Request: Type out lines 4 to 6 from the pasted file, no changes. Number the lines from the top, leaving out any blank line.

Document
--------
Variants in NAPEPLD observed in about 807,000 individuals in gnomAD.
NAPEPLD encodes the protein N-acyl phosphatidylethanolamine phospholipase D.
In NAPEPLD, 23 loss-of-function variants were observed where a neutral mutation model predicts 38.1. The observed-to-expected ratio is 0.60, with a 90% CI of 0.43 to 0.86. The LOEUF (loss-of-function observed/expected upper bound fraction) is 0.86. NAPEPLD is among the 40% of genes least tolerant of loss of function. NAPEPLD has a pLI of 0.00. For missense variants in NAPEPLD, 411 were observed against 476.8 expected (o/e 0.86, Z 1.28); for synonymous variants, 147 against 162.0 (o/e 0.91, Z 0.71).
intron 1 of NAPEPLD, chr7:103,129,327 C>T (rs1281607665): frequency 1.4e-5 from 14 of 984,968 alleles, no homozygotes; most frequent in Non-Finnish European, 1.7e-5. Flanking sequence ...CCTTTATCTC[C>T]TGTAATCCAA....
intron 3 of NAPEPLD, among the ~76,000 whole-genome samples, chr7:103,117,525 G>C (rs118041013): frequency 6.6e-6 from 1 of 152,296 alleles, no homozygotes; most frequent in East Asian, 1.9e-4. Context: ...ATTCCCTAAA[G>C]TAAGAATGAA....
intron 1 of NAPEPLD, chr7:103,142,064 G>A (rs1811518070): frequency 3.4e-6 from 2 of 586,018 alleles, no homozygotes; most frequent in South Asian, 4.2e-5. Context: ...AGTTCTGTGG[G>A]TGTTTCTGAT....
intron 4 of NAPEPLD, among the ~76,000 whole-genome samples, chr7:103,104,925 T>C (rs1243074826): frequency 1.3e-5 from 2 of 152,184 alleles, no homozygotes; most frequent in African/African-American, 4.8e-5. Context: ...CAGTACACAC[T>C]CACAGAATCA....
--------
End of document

intron 1 of NAPEPLD, chr7:103,129,327 C>T (rs1281607665): frequency 1.4e-5 from 14 of 984,968 alleles, no homozygotes; most frequent in Non-Finnish European, 1.7e-5. Flanking sequence ...CCTTTATCTC[C>T]TGTAATCCAA....
intron 3 of NAPEPLD, among the ~76,000 whole-genome samples, chr7:103,117,525 G>C (rs118041013): frequency 6.6e-6 from 1 of 152,296 alleles, no homozygotes; most frequent in East Asian, 1.9e-4. Context: ...ATTCCCTAAA[G>C]TAAGAATGAA....
intron 1 of NAPEPLD, chr7:103,142,064 G>A (rs1811518070): frequency 3.4e-6 from 2 of 586,018 alleles, no homozygotes; most frequent in South Asian, 4.2e-5. Context: ...AGTTCTGTGG[G>A]TGTTTCTGAT....